I am a highly organized person, so I provide detailed descriptions of what I envision for each spread and share visual references that can help bring the story to life. But working together is a partnership and illustrators always surprise me with their unique perspective on the story. At the end of the day, it's the illustrator's creativity and talent that truly make the book shine.
Your newest book — number 100! — is focused on a young environmental activist named Vanessa Nakate. Who is Vanessa and why did you decide to make her the subject of your 100th book?
Maria Isabel: She’s a fearless young activist from Uganda who is making waves in the fight against climate change. Vanessa is a shining example of the power of youth to effect real change in the world.
There were so many reasons why I knew Vanessa's story was the right one for our 100th book. Not only is she a woman breaking down barriers and changing the game, but she also represents the diversity and richness of African voices and perspectives that we need more of in children's literature. Plus, her focus on climate change and activism couldn't be more timely or important, given the world we live in today.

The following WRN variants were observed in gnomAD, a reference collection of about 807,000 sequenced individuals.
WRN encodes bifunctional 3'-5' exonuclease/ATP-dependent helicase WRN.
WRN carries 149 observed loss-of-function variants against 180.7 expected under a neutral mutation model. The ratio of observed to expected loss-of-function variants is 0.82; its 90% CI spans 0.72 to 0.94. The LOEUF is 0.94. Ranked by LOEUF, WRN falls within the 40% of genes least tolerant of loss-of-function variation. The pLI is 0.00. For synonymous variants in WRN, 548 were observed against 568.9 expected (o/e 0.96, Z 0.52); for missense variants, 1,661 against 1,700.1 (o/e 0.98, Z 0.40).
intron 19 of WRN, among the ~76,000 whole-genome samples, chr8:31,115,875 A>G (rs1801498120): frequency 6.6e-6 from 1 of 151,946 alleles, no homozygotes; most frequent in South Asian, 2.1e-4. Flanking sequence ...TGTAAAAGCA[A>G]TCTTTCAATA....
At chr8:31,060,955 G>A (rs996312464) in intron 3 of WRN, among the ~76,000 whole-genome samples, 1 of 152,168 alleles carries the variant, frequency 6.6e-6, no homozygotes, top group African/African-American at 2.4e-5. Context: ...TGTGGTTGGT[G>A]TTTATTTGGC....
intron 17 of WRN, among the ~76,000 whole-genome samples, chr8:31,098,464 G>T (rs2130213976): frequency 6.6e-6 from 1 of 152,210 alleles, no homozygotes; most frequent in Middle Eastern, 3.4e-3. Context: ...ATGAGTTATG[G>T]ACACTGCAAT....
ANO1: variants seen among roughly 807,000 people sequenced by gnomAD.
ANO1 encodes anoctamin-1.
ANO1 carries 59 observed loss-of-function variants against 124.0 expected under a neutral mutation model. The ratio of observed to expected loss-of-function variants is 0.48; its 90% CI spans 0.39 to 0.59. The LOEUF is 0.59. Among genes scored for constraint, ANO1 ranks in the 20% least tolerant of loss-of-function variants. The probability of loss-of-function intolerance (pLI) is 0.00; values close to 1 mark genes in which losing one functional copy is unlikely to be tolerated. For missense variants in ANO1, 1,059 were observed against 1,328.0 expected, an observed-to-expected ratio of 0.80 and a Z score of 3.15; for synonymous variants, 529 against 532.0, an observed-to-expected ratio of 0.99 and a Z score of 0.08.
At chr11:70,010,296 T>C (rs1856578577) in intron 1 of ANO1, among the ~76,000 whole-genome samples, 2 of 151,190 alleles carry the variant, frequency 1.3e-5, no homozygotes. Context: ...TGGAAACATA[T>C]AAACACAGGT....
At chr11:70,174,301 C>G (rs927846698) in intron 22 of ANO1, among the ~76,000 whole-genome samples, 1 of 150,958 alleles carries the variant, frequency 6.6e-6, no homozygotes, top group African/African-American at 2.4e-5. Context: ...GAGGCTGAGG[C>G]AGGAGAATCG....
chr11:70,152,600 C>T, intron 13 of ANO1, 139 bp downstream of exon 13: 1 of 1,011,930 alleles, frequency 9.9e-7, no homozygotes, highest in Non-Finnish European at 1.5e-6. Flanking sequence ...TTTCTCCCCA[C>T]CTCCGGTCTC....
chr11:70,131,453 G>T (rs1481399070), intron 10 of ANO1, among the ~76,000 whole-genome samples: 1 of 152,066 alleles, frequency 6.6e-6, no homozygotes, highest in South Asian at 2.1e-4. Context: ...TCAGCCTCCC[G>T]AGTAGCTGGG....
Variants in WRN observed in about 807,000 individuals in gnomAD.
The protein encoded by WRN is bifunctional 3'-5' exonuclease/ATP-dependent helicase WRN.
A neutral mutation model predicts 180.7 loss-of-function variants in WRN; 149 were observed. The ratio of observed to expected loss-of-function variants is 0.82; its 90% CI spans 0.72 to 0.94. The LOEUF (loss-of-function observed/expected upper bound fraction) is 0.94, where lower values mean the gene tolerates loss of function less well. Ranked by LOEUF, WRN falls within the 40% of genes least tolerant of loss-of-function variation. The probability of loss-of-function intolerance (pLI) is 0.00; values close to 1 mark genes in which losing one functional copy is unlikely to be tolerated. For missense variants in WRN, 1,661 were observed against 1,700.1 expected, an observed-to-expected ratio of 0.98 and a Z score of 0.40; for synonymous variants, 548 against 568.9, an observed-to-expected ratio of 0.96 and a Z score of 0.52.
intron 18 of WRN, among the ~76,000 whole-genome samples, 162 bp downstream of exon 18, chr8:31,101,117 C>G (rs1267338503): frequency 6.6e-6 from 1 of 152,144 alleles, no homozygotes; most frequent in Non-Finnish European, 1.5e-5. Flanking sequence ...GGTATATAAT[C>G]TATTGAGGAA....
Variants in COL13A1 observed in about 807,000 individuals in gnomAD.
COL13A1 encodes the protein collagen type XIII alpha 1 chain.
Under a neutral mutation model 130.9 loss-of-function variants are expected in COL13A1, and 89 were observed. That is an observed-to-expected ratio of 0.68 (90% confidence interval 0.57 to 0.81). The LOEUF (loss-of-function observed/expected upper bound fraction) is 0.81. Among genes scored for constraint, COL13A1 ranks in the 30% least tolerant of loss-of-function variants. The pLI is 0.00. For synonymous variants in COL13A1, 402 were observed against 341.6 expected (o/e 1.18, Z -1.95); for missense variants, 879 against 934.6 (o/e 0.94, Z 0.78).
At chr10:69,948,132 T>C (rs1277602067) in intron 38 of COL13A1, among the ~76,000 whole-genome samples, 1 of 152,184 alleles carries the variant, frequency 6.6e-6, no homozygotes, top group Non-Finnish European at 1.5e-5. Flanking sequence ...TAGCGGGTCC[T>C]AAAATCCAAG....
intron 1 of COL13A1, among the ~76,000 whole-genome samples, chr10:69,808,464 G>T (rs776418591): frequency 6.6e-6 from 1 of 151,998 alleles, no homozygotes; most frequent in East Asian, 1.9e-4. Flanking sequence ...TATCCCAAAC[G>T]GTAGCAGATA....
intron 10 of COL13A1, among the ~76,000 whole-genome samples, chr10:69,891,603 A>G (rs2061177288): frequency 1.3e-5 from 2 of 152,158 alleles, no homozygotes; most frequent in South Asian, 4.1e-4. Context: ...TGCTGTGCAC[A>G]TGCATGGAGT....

What are your plans for the future with the series? Can you share the names of a few of the role models you're planning to feature in upcoming books?
Maria Isabel: My plans for the future of the series are pretty simple — keep on writing! I’m so passionate about sharing the lives of amazing people with children, and I don't see that changing anytime soon.
As for what's coming up next, I have some incredible role models in the works. First, there's Sally Ride, the groundbreaking astronaut who shattered the glass ceiling and inspired a generation. Then there's Leo Messi, the football superstar who's also an amazing philanthropist and role model. And there's Beyoncé — need I say more? Last but not least, I'm also working on the story of Japanese artist Yayoi Kusama, whose polka-dots have captured hearts around the world. So buckle up, because there are plenty more inspiring stories on the horizon!
Finally, can you share a few of your favorite picture books starring Mighty Girls?
Maria Isabel: When it comes to favorite picture books starring Mighty Girls, I can't help but go back to the 70’s and the stories that inspired me as a child. Tinkerbell, with her fierce independence and loyalty, showed me that even the smallest among us can make a big impact. Pippi Longstocking, with her wild adventures and refusal to conform to norms, taught me the importance of staying true to oneself. And then there's Momo, who showed me the power of friendship and the beauty of finding time to simply be you. These three Mighty Girls will always hold a special place in my heart, and I hope they continue to inspire generations of young readers.